The northeastern Caribbean island arc, which materializes the boundary between the North American and Caribbean plates, is particularly exposed to large earthquakes and tsunamis. The low level of preparedness of a large part of its population and the lack of risk reduction provisions in public policies in many countries of the region put their population and economy at high risk in case of large telluric events. Here, we investigate the impact of three possible earthquake scenarios, consistent with the regional seismotectonic setting, on northern Haiti through inundation by tsunami waves. These scenarios simulate the effect of a M 8.0 earthquake on the Septentrional strike-slip fault (possibly similar to the 1842 earthquake), a M 8.1 earthquake on the offshore thrust fault system north of Haiti, and an earthquake rupturing a large portion of the offshore thrust fault system north of Haiti and the Dominican Republic. We calculate run-up heights along the northern coast of Haiti, in particular in the densely populated Cap Haitien. We find that the rupture of the offshore North Hispaniola thrust fault could result in wave heights up to 10 m with inundation up to 4 km inland, with only 10–15 min between ground shaking and the first wave arrivals. The city of Cap Haitien is particularly exposed, with potential flooding of most of the city and its suburbs, including the international airport. We also find that the historical reports available for the 1842 earthquake, when compared to our simulations, favor a rupture of the North Hispaniola thrust fault, although much uncertainty remains. If the 1842 earthquake did not rupture the Septentional fault offshore Haiti, then it is currently capable of at least a M w 7.7 earthquake, significantly larger than previously thought. The simulations presented here provide a basis for developing conservative maps of run-up heights that can be transferred, with added factors of safety, into practical implementation for tsunami preparedness and protection.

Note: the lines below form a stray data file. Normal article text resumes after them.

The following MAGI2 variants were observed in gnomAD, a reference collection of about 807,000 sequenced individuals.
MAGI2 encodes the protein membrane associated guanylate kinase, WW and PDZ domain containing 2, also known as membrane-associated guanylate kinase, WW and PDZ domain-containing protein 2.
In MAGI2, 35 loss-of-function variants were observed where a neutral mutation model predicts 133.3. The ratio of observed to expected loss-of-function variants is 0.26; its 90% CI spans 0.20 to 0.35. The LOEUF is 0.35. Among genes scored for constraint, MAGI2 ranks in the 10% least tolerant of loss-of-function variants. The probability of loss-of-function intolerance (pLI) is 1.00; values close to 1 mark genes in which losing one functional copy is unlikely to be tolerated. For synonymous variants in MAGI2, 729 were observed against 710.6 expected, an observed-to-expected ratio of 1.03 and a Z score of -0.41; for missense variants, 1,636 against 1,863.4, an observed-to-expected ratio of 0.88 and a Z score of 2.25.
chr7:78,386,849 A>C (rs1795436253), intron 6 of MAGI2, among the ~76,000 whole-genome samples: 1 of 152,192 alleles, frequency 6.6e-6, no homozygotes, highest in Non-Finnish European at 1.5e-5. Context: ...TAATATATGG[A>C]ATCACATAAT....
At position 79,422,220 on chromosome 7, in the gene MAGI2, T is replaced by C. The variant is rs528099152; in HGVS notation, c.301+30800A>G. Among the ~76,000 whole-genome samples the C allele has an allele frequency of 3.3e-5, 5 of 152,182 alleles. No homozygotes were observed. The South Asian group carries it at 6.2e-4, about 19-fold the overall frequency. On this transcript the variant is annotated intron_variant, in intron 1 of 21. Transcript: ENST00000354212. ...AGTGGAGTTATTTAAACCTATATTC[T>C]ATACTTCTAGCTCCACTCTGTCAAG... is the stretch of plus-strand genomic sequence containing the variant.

Geomagnetism, Rock Magnetism and Palaeomagnetism
Oxford University Press
on behalf of
The Deutsche Geophysikalische Gesellschaft (DGG) and the Royal Astronomical Society (RAS).